Netflix has been trying to crack down on password sharing for more than a decade. But in the last year, and more strongly this week, the company has given serious signs that the party is almost over. Rather than indiscriminately curtailing this beloved latitude, though, Netflix could make some basic tweaks to cut down on freeloaders without snubbing longtime customers who just want to help out a friend. 

In a letter to shareholders on Tuesday, the streaming giant said it had a net loss of about 200,000 subscribers this quarter, from 221,840,000 down to 221,640,000. And Netflix is projecting that those numbers will keep sliding down to roughly 219,640,000 people in the second quarter of 2022. The company estimates that there are more than 100 million additional households, including more than 30 million in the US and Canada, mooching off of paid accounts.

Netflix’s stock plunged on Wednesday morning, and the company is clearly in triage mode. 

“I feel like Netflix is in crisis-reaction mode and taking a large pendulum swing in one direction, but they haven’t given users the necessary tools to address it first,” says David Kennedy, CEO of the incident response consultancy TrustedSec. “Even just warnings saying, ‘this doesn’t seem like you’ could be a better approach than taking a hardline stance against shared accounts.”

The shareholder letter says that Netflix’s “relatively high household penetration—when including the large number of households sharing accounts—combined with competition, is creating revenue growth headwinds” and that it plans to get back on track  “through improvements to our service and more effective monetization of multi-household sharing.”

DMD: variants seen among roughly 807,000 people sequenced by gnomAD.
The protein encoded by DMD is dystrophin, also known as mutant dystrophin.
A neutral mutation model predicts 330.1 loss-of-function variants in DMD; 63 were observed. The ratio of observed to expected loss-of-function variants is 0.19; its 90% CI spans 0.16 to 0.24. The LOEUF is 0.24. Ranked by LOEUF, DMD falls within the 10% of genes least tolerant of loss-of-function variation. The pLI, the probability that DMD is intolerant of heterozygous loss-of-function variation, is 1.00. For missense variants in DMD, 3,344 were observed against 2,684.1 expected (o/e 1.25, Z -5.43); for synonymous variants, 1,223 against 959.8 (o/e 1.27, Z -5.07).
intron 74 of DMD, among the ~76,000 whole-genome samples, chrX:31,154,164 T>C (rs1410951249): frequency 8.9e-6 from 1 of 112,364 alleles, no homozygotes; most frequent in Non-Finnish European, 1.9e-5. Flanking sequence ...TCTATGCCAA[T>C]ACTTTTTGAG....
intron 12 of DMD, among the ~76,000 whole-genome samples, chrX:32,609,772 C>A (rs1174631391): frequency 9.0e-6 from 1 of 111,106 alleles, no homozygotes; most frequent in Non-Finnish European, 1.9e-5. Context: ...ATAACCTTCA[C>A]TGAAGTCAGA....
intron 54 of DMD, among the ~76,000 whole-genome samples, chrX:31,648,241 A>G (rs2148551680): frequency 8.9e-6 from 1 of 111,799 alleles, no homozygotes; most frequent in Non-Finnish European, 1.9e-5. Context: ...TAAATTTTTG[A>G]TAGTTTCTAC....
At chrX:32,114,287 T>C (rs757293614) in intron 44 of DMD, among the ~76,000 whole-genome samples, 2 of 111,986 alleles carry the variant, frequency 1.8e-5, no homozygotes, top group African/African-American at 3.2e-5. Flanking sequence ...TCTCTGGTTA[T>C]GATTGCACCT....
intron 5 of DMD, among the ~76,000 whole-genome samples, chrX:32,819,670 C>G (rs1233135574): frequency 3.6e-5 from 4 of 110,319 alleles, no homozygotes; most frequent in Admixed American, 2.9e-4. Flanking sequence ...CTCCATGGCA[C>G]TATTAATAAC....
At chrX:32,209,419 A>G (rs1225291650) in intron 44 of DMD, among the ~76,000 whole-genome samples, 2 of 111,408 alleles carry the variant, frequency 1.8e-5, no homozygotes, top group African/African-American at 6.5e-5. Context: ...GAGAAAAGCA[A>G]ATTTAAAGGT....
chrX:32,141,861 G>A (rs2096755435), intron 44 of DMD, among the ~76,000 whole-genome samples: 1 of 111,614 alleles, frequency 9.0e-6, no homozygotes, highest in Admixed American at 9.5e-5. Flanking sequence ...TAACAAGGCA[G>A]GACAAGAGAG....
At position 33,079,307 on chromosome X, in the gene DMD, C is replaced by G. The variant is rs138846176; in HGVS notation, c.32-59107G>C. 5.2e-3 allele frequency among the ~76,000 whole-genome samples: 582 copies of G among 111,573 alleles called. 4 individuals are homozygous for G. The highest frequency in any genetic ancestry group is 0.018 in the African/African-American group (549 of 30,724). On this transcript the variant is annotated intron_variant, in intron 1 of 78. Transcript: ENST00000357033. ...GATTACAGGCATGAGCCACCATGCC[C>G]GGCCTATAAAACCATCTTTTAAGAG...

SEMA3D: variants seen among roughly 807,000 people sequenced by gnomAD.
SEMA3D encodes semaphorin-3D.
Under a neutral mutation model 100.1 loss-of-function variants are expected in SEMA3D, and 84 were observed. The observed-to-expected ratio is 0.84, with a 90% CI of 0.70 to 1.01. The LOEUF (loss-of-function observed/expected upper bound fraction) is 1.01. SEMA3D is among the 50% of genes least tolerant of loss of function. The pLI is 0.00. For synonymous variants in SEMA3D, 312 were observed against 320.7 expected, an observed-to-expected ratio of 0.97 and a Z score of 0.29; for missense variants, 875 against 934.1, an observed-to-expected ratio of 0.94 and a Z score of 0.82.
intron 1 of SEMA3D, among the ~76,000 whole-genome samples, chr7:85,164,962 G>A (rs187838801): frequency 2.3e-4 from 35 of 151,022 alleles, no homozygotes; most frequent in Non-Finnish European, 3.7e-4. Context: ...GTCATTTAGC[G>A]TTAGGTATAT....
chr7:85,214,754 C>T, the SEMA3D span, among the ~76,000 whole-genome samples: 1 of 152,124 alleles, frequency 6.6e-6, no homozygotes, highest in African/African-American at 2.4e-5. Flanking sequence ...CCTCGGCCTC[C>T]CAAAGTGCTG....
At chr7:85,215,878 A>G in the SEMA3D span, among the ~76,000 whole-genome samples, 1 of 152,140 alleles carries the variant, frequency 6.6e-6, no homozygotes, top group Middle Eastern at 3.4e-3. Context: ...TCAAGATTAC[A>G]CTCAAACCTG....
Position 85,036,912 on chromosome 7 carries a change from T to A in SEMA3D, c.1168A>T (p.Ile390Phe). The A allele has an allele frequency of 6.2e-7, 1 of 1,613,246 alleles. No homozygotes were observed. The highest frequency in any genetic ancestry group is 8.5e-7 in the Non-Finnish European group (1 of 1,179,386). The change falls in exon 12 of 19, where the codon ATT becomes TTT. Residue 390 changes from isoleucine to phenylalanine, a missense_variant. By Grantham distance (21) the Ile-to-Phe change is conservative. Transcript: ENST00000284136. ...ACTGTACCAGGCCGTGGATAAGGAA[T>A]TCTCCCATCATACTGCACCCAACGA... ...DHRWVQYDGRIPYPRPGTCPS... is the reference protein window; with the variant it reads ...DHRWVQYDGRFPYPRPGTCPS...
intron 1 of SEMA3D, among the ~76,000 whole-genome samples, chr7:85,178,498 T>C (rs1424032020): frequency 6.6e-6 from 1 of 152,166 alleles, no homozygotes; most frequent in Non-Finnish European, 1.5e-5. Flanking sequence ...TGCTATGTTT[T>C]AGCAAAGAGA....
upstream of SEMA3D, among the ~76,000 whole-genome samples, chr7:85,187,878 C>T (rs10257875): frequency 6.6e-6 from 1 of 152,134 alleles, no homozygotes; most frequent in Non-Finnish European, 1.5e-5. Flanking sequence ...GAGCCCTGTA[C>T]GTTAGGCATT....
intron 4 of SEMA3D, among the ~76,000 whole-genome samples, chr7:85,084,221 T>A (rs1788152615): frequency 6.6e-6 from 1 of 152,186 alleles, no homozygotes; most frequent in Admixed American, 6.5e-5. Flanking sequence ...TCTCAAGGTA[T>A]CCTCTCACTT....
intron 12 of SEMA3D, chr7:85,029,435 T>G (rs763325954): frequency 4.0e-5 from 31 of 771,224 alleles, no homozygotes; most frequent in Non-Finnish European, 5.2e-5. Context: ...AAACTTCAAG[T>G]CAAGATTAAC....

One basic thing Netflix could do to curb the number of people using shared accounts is to add a list in Settings of all the devices an account is active on, with the ability to select which to keep and which to cut. That way, the owner of the account could easily prune the list—logging out devices they don’t recognize and the Roku at the Airbnb they stayed at last year. Currently, Netflix only provides a log of devices that have recently used the account and the option to log out every device at once. 

Sure, disconnecting every device linked to your Netflix account is a great way to purge and start fresh. It’s also a pain to deal with, and unlikely to be an appealing option for most Netflix users. That’s why giving users the ability to choose which devices remain connected is a simple way to whittle down the 100 million moochers to something more reasonable.

Since in many cases people don’t actually know the password to the random Netflix account they’re using for free, simply letting users boot off unknown devices from their accounts would probably be enough. If Netflix really wanted to make this system work to its advantage, it could force a password reset and automatically reconnect every device a user selects. That way, users have an easy way to clean up their list of connected devices, and Netflix has a surefire way to curtail runaway account sharing.

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